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Common goals: Philanthropy in education

Michelle Anderson and Emma Curtin report on ACER research that has identified four guiding principles for successful collaborations between education and philanthropy.

There is currently considerable interest in school-community partnerships. Australia’s education ministers back in December 2012 endorsed the National School Improvement Tool, developed by Australian Council for Educational Research (ACER) Chief Executive Professor Geoff Masters, for all Australian schools to use in their school improvement planning. The Tool describes in detail how schools should actively seek ways to enhance student learning and wellbeing by partnering with other groups.

The ministers’ endorsement indicates the importance of school-community partnerships in enhancing student learning and wellbeing in ways that may not otherwise be available within a school. That’s not simply a policy emphasis. Philanthropic organisations are increasingly seeking to support education through funding and additional in-kind support.

The Leading Learning in Education and Philanthropy (LLEAP) 2012 Survey Report, also released in December, presents evidence that philanthropic organisations clearly want to engage more directly with education, particularly working in collaboration with schools and not-for-profits around common areas of need for learners.

Collaboration

Asked to identify the main type of collaborative activity that they would like to do more of, philanthropic organisations identified interest in broader and more strategic approaches to collaboration. Around 45 per cent of respondents indicated the importance of ‘co-funding with other philanthropic foundations or trusts’ and 23 per cent indicated the importance of ‘strategic planning with a cluster of schools around a key area of need’, an approach that may well address some of the disconnect between school and philanthropic understandings of the purposes and priority areas of each other. As one respondent from a philanthropic organisation put it, ‘(We want to hear) from schools about what they need and want; we should not be initiating anything before they put their case’.

According to another, ‘We try to be realistic about the outcomes of the grant and restrict our expectations to what are identified as the direct outcomes. We are extra pleased if any of the below occurs: collaboration and cooperation between service providers – the organisation funds the continuation; other funders invest; government funds materialise; replication of the project elsewhere.’ According to the LLEAP 2012 Survey Report, philanthropic organisations also value collaborative outcomes where school-community partnerships can be developed or ‘scaled’ as models for other programs.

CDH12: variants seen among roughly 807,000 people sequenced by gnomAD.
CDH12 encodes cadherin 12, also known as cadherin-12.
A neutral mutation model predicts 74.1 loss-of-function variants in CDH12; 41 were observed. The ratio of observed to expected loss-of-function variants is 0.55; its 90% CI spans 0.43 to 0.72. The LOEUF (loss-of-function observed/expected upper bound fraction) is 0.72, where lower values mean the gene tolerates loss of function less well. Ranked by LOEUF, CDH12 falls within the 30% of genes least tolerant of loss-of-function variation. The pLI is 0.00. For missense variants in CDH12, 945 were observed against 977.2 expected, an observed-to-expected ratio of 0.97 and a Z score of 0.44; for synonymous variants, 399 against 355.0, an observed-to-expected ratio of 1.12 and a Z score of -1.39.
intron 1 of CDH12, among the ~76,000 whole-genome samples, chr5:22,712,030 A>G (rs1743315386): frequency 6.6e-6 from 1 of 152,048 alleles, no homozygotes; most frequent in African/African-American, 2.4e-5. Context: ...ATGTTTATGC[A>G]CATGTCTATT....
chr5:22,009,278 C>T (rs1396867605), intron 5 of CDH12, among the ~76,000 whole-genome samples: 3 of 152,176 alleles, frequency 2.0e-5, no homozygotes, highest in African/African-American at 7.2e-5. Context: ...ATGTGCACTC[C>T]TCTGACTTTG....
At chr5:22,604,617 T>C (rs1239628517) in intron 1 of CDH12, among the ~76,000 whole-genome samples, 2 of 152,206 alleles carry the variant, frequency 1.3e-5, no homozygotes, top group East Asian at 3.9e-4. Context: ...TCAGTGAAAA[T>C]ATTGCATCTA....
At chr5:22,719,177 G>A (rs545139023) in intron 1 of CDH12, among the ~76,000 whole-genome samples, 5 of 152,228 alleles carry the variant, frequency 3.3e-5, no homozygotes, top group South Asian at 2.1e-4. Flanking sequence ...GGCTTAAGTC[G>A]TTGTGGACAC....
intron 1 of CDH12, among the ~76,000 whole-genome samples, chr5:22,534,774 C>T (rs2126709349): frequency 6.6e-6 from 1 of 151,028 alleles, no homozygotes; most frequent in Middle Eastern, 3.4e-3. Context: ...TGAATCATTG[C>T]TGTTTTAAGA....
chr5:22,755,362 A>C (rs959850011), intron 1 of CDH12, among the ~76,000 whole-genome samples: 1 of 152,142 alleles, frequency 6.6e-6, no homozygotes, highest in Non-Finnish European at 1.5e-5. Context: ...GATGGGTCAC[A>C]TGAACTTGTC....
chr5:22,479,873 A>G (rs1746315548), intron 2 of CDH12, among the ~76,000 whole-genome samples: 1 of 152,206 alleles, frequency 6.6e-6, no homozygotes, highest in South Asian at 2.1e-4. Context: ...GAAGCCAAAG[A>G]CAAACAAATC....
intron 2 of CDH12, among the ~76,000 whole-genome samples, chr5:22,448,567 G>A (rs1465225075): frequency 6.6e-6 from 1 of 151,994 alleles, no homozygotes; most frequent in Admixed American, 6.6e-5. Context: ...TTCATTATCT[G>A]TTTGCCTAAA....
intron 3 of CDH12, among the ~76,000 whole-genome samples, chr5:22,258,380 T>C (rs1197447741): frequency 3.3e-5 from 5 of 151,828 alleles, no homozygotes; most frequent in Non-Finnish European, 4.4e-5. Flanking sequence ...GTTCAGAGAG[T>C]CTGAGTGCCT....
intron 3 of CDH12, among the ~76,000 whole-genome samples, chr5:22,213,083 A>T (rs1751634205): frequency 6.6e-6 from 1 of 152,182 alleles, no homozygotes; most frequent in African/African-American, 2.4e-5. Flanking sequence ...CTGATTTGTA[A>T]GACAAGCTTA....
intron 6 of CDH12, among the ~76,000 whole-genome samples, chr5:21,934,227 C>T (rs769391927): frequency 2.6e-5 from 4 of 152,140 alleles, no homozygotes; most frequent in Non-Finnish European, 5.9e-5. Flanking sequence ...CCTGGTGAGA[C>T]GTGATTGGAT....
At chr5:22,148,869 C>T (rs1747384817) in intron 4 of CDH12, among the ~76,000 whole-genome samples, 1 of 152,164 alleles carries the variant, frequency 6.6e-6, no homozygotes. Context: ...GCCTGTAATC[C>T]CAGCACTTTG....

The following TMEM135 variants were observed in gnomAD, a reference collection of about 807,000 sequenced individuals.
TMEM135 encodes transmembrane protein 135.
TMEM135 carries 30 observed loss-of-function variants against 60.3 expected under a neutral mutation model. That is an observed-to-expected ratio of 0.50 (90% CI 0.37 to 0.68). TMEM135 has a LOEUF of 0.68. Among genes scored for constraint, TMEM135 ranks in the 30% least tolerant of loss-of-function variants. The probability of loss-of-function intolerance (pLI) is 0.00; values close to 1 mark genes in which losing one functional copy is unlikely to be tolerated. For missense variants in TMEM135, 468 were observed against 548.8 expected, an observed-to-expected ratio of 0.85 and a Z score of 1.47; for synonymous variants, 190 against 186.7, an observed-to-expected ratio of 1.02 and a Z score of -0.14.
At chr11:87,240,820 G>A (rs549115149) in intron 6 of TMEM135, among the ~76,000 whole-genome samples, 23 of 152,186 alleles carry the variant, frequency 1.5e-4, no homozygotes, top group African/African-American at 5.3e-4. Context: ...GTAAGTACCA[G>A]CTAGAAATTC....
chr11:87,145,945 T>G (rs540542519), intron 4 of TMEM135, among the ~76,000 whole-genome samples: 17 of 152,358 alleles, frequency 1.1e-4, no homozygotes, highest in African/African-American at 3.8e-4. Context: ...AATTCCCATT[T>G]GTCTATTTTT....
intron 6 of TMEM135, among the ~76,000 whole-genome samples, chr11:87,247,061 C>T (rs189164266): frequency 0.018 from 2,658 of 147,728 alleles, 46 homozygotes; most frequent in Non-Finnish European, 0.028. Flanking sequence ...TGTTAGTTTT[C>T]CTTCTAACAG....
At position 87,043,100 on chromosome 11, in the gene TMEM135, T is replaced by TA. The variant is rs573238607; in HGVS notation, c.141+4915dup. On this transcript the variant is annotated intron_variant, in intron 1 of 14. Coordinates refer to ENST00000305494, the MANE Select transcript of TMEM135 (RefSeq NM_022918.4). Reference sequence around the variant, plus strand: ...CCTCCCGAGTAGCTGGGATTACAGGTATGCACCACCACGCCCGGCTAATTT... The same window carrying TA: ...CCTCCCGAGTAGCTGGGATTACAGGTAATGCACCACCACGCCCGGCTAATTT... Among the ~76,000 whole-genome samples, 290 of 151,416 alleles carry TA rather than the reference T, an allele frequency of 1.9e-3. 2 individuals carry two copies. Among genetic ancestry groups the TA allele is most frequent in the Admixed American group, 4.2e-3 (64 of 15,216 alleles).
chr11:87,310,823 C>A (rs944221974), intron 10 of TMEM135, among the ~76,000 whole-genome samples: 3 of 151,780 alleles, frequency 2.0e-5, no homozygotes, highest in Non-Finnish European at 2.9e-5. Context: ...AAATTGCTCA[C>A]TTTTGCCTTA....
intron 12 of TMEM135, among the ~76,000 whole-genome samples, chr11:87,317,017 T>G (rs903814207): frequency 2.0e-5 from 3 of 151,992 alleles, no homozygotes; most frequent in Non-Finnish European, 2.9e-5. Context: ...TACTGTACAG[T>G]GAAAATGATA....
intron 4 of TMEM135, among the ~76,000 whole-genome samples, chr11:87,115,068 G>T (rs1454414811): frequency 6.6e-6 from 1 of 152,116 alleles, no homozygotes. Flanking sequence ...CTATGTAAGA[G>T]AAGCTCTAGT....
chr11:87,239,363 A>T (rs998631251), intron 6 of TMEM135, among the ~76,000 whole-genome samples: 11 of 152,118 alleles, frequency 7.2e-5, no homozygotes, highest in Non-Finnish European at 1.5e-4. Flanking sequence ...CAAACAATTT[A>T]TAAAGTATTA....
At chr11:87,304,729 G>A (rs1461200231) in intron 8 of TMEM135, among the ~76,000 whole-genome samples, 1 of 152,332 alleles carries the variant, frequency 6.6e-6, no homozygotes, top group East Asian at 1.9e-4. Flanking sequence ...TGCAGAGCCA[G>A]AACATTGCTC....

Barriers to collaboration

One of the main barriers for schools to the development of effective school-community partnerships is a big knowledge gap in the area of partnership development, as well as individual and organisational capacity issues to do with time, experience and expertise – particularly having the people available to develop school-community partnerships.

For philanthropic organisations, some of the main barriers are identifying how to collaborate and with whom to collaborate, and the lack of collaboration between prospective grant recipients.

Not-for-profit organisations that are typically involved on the ground with schools in developing school-community partnerships also identify collaboration as a barrier to the development of effective partnerships, particularly in terms of the time needed to identify and develop a deep understanding of the needs of schools. As one respondent from a not-for-profit organisation put it, ‘Getting schools to engage in a possible collaboration before it is funded is challenging. Often they prefer to know the project is funded and can happen before really engaging with us, but this can make it difficult to put together a project that meets the criteria of funders.’

Four guiding principles for successful collaboration

ACER began the multi-year LLEAP project, in partnership with The Ian Potter Foundation and the Origin Foundation, to explore these barriers and issues from the perspectives of philanthropic organisations, schools and not-for-profits working with schools. But the aim of the project is not just to expose the challenges; LLEAP provides guidance, strategies and practical toolkits to address them, creating shared understanding and pathways for doing things better.